‘The Brady Bunch’: Florence Henderson’s Theory on What Happened to Carol’s First Husband
The premiere of The Brady Bunch made the family show stand out. But it left fans with a lot of questions. The main question was what happened to Carol’s (Florence Henderson) first husband? Henderson shared her theory about her character’s past.
‘The Brady Bunch’ starts without Carol’s first husband
The premise of the family show is widowed Mike Brady (Robert Reed) having three biological sons Greg (Barry Williams), Peter (Christopher Knight), and Bobby (Mike Lookinland). He gets hitched to Carol Martin who is raising three daughters, Marcia (Maureen McCormick), Jan (Eve Plumb), and Cindy (Olsen).
The big blended family then tries to navigate living in a home with six children. We know that the architect’s first wife died, but we don’t know what happened to her.
Season 1 of the show follows the struggles of the family coming together. The pilot shows Mike with a picture of his dead wife. But that is the last mention of his life before Carol. We also never get to find out how Carol and Mike met.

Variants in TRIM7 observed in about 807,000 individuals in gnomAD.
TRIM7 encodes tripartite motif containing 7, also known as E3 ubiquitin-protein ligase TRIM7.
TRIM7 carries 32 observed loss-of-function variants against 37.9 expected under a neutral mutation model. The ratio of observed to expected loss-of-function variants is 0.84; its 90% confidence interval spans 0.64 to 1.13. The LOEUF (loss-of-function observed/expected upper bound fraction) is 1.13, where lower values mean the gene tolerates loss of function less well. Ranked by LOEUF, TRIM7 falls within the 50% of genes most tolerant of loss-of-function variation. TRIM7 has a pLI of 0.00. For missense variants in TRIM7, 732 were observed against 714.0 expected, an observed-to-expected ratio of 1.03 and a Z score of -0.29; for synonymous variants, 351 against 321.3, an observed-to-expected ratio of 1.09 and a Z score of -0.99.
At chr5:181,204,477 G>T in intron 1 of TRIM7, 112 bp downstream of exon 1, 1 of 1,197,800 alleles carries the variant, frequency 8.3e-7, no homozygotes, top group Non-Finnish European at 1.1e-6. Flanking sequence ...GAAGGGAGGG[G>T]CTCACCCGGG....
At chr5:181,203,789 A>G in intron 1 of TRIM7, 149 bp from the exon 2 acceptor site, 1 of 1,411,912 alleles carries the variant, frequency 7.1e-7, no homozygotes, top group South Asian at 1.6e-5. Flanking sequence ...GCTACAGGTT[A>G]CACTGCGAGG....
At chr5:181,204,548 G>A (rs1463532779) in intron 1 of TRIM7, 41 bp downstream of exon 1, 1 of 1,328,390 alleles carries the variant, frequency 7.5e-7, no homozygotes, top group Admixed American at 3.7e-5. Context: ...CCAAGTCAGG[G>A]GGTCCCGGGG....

Carol’s first marriage also remained a mystery to the audience. But Henderson later had a sense of humor about the situation.
Florence Henderson joked Carol is a black widow
Fans didn’t get much insight into Carol’s life before her marriage with Mike. Creator Sherwood Schwartz claimed the mother was divorced, but it’s not mentioned in the show.
Henderson would still be asked about her character’s backstory. “I killed my husband. I was the original black widow!” she told The Huffington Post. “No, nobody ever said [what happened to Carol’s husband]. I always said I just got rid of him.”
The show was inspired by there being more blended families
Schwartz revealed how he got the idea for the show. “It’s very rare that a writer knows exactly where his ideas come from,” he said, according to Brady World. “However, in the case of The Brady Bunch, I know exactly what inspired that show.”
He continued, “It was just a four-line filler piece in the Los Angeles Times. Just a statistic. It said that year, 1965, 31 percent of all marriages involved people who had a child or children from a previous marriage. It was just a statistic, but to me it indicated a remarkable sociological change in our country.”
The change in the country being reflected in the show might have led to the show’s success. Although the Bradys looked different from other families on television, it was focused on family like the shows that came before it so made it less shocking.
Divorce was still taboo when the show started in 1969. So it never acknowledged Carol’s divorce.